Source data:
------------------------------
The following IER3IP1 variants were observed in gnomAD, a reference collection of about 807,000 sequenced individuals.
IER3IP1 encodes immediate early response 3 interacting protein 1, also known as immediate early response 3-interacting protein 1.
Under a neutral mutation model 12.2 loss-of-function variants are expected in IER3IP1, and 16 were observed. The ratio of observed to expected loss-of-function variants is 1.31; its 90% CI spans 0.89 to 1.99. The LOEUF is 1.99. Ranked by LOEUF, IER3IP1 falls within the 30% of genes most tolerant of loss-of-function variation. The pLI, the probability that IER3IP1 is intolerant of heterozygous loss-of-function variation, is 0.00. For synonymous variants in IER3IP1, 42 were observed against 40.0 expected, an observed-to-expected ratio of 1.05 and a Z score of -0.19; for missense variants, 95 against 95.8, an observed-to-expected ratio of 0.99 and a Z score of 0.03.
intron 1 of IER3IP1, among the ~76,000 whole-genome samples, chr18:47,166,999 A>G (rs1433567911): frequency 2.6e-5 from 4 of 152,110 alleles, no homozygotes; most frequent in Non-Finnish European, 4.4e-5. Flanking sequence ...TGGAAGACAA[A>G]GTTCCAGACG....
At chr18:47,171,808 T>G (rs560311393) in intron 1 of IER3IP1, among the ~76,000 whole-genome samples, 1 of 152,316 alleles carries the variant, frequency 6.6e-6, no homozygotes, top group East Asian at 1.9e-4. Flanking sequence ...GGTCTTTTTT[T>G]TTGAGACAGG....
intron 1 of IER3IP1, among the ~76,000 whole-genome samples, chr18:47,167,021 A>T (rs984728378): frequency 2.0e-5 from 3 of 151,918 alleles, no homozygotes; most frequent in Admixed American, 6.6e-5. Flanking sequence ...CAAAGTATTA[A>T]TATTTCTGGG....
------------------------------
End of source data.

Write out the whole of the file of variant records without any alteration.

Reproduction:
The following IER3IP1 variants were observed in gnomAD, a reference collection of about 807,000 sequenced individuals.
IER3IP1 encodes immediate early response 3 interacting protein 1, also known as immediate early response 3-interacting protein 1.
Under a neutral mutation model 12.2 loss-of-function variants are expected in IER3IP1, and 16 were observed. The ratio of observed to expected loss-of-function variants is 1.31; its 90% CI spans 0.89 to 1.99. The LOEUF is 1.99. Ranked by LOEUF, IER3IP1 falls within the 30% of genes most tolerant of loss-of-function variation. The pLI, the probability that IER3IP1 is intolerant of heterozygous loss-of-function variation, is 0.00. For synonymous variants in IER3IP1, 42 were observed against 40.0 expected, an observed-to-expected ratio of 1.05 and a Z score of -0.19; for missense variants, 95 against 95.8, an observed-to-expected ratio of 0.99 and a Z score of 0.03.
intron 1 of IER3IP1, among the ~76,000 whole-genome samples, chr18:47,166,999 A>G (rs1433567911): frequency 2.6e-5 from 4 of 152,110 alleles, no homozygotes; most frequent in Non-Finnish European, 4.4e-5. Flanking sequence ...TGGAAGACAA[A>G]GTTCCAGACG....
At chr18:47,171,808 T>G (rs560311393) in intron 1 of IER3IP1, among the ~76,000 whole-genome samples, 1 of 152,316 alleles carries the variant, frequency 6.6e-6, no homozygotes, top group East Asian at 1.9e-4. Flanking sequence ...GGTCTTTTTT[T>G]TTGAGACAGG....
intron 1 of IER3IP1, among the ~76,000 whole-genome samples, chr18:47,167,021 A>T (rs984728378): frequency 2.0e-5 from 3 of 151,918 alleles, no homozygotes; most frequent in Admixed American, 6.6e-5. Flanking sequence ...CAAAGTATTA[A>T]TATTTCTGGG....